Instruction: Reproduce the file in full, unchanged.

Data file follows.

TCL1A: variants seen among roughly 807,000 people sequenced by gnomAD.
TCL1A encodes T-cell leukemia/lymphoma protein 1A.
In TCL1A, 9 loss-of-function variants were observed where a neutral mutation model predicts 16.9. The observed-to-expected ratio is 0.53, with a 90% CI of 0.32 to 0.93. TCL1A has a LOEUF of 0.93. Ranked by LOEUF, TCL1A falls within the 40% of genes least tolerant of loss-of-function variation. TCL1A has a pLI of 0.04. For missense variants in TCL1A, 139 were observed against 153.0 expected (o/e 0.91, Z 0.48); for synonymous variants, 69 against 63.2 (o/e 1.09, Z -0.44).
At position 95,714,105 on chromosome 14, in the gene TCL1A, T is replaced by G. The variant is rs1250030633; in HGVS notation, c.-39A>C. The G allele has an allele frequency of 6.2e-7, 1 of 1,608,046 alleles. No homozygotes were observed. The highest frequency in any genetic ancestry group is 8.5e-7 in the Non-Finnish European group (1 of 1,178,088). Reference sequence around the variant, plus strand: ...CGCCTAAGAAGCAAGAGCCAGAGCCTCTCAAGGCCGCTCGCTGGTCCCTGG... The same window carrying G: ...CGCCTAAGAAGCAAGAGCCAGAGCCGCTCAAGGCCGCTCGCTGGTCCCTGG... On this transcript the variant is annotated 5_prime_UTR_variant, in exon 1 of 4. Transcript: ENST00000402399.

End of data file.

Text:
TCL1A: variants seen among roughly 807,000 people sequenced by gnomAD.
TCL1A encodes T-cell leukemia/lymphoma protein 1A.
In TCL1A, 9 loss-of-function variants were observed where a neutral mutation model predicts 16.9. The observed-to-expected ratio is 0.53, with a 90% CI of 0.32 to 0.93. TCL1A has a LOEUF of 0.93. Ranked by LOEUF, TCL1A falls within the 40% of genes least tolerant of loss-of-function variation. TCL1A has a pLI of 0.04. For missense variants in TCL1A, 139 were observed against 153.0 expected (o/e 0.91, Z 0.48); for synonymous variants, 69 against 63.2 (o/e 1.09, Z -0.44).
At position 95,714,105 on chromosome 14, in the gene TCL1A, T is replaced by G. The variant is rs1250030633; in HGVS notation, c.-39A>C. The G allele has an allele frequency of 6.2e-7, 1 of 1,608,046 alleles. No homozygotes were observed. The highest frequency in any genetic ancestry group is 8.5e-7 in the Non-Finnish European group (1 of 1,178,088). Reference sequence around the variant, plus strand: ...CGCCTAAGAAGCAAGAGCCAGAGCCTCTCAAGGCCGCTCGCTGGTCCCTGG... The same window carrying G: ...CGCCTAAGAAGCAAGAGCCAGAGCCGCTCAAGGCCGCTCGCTGGTCCCTGG... On this transcript the variant is annotated 5_prime_UTR_variant, in exon 1 of 4. Transcript: ENST00000402399.